stuckgear is offline  
Old 7th Dec 2010, 14:51
  #210 (permalink)  
bnt
 
Join Date: Feb 2007
Location: Dublin, Ireland. (No, I just live here.)
Posts: 714
Ireland's Budget Speech is in progress right now. If anyone outside the country fancies a laugh, you can watch online at RTE News. If anyone inside the country fancies a laugh, you'll be pleased to hear that alcohol tax won't be increased this time.
bnt is offline  
Old 7th Dec 2010, 21:37
  #211 (permalink)  
 
Join Date: Apr 2010
Location: anywhere they will will have me
Age: 78
Posts: 32
A piece in the Telegraph stated that the euro may well colapse,woopy do bring it on,taking with it the the whole eu farce hopefuly
skyfish2 is offline  
Old 8th Dec 2010, 15:24
  #212 (permalink)  
Uneasy Pleistocene Leftover
 
Join Date: Feb 2003
Location: Gone, but not forgotten apparently?! All forums marked "Private"...
Posts: 316
I regularly read the Economist magazine.

It may be interesting for some to read this article concerning Morgan Stanley featured in last week's print edition:
With $273 billion of client money Morgan is a minnow—its eight largest rivals all manage more than $1 trillion.
I believe that the author mean't to say $1 trillion each x 8 = $8 trillions "under management".

When compared to what the USA (and Federal Reserve), together with what the EU (and ECB) have managed to come up with in comparison (more precisely measured in the 10s or 100s of billions), in their joint efforts to somehow "safeguard western civilisation from financial armageddon", I would suggest that the capitalists have won (or at least their investment banks).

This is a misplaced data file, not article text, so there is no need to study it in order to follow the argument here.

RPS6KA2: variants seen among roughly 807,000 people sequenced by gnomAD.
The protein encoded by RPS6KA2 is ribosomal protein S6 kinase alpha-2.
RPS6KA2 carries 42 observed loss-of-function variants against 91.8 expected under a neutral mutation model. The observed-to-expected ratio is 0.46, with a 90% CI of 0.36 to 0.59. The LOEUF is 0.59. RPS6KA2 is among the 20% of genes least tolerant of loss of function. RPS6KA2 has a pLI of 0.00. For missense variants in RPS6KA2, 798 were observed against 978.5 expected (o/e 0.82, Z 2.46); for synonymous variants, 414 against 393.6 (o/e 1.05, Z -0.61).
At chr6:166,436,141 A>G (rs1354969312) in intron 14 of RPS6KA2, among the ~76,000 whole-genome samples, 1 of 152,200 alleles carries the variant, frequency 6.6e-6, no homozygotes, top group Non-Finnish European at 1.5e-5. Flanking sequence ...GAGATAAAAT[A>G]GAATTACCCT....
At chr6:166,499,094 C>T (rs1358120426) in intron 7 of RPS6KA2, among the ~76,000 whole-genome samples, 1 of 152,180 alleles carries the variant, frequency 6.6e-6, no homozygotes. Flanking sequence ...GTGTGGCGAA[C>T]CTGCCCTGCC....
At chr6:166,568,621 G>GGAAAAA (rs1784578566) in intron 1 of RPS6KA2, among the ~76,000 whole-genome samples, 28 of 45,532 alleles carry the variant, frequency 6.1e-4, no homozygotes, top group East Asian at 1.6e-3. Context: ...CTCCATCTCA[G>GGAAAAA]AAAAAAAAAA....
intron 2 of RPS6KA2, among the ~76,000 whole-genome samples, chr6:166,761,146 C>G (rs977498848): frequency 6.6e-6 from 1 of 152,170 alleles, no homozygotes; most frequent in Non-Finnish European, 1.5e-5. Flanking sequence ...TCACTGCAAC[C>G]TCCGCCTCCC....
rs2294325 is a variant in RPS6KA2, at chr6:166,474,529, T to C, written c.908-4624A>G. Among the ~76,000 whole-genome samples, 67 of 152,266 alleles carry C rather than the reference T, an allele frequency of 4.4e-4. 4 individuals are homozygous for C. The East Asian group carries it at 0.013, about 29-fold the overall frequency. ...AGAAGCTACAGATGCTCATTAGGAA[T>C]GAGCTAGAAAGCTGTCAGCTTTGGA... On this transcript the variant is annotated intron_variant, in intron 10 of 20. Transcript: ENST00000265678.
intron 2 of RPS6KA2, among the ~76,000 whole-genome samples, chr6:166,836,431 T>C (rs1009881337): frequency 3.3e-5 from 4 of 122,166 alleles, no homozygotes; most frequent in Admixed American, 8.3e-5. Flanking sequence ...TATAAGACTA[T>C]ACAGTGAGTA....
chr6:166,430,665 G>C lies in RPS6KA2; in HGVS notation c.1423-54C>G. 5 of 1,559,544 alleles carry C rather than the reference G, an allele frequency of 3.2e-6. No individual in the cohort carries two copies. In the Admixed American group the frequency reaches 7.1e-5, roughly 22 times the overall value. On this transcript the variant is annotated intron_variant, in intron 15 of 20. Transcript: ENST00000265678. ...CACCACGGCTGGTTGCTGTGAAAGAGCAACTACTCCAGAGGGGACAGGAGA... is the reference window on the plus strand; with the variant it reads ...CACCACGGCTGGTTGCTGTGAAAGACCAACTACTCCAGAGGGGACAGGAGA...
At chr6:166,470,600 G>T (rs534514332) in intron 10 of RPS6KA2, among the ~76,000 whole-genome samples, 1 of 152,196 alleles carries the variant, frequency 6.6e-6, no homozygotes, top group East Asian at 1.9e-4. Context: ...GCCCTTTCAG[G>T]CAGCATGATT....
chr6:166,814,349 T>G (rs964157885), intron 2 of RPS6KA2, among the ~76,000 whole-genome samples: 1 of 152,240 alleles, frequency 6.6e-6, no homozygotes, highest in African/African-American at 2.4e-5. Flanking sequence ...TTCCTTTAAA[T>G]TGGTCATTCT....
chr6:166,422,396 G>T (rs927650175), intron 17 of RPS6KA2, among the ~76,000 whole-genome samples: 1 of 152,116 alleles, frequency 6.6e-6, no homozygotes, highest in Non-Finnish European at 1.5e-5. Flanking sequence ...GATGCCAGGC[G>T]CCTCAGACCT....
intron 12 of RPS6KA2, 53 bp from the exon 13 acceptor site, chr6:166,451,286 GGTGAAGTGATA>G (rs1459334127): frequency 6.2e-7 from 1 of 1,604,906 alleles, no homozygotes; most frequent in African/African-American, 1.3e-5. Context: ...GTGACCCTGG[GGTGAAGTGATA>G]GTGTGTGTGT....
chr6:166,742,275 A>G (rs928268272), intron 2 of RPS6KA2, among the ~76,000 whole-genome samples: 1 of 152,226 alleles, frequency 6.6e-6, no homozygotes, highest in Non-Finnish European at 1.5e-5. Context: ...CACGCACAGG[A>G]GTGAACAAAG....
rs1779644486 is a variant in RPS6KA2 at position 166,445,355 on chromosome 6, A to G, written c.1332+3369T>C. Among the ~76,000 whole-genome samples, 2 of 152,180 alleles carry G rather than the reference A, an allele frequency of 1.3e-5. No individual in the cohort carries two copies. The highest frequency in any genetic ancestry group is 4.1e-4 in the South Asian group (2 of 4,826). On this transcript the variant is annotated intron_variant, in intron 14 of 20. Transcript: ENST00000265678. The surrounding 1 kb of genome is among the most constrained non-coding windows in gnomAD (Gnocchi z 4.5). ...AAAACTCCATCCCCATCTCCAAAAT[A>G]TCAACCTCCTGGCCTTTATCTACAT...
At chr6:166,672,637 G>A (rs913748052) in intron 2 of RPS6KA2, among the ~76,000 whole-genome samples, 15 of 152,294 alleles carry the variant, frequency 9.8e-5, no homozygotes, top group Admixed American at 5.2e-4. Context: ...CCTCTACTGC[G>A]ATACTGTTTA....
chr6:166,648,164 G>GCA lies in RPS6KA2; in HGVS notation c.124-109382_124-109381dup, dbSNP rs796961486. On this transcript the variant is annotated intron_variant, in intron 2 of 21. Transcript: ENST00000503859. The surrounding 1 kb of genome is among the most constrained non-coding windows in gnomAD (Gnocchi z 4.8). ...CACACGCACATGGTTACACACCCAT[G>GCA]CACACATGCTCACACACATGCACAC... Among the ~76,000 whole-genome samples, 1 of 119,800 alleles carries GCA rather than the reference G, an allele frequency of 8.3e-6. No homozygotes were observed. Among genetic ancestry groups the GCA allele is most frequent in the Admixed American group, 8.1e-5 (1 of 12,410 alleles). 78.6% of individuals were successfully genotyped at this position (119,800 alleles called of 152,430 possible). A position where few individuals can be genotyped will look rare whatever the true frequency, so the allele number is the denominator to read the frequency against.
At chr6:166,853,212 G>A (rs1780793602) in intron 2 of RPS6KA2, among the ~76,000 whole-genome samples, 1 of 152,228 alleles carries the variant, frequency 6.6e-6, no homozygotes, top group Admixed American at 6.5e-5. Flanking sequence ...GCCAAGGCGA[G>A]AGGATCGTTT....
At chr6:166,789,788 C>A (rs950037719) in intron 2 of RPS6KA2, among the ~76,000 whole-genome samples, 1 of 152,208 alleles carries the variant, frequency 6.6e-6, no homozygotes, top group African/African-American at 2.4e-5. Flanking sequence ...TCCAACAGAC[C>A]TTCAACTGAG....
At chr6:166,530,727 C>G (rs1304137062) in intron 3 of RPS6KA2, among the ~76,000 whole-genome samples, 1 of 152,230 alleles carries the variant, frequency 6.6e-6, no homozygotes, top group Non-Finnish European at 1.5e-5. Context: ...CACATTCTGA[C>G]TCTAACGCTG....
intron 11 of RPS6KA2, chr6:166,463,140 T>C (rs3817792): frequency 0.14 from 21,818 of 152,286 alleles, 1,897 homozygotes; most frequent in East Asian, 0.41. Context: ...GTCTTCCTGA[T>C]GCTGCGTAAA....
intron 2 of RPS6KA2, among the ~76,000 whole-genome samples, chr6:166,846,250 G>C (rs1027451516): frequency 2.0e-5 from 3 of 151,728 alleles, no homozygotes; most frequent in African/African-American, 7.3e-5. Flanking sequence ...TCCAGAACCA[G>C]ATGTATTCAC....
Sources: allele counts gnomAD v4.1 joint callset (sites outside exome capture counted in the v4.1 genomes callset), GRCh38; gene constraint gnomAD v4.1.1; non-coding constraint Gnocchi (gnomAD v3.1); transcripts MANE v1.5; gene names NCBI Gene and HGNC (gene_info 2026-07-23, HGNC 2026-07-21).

Next time I see a Ferrari parked nearby, I'll be glad to pee all over it (CC cameras notwithstanding). Not that the owner would necessarily notice...?! "The successful" businessman or whatever, will already have made his mind up. That is to continue the charade for as long as it lasts.

Why should taxpayers in developed countries be expected to cover the losses of their fellow citizens (if indeed the case - there may be another tangent to explore here...), when it's quite clear that wealthy 1st world citizens possess assets easily sufficient to shoo off any threat to the Euro for example, if they merely chose to do so. You may run and hide, but you will eventually be uncovered.

$8 trillions or thereabouts, managed by as many corporations as you have fingers on 2 hands. Buy a bottle of Scotch, indulge yerselves and sleep well tonight - it works for me. Tomorrows another day...
airship is offline  
Old 8th Dec 2010, 18:08
  #213 (permalink)  
 
Join Date: Mar 2008
Location: London
Posts: 736
I wonder what percentage of this $8 trillion is 'real' money i.e. backed by assets we all understand, and not those weird ethereal pseudo-assets which can disappear in the blink of eye?

Of course, money is only paper and metal if the whole financial system does come crashing down.
dead_pan is offline  
Old 8th Dec 2010, 20:30
  #214 (permalink)  
bnt
 
Join Date: Feb 2007
Location: Dublin, Ireland. (No, I just live here.)
Posts: 714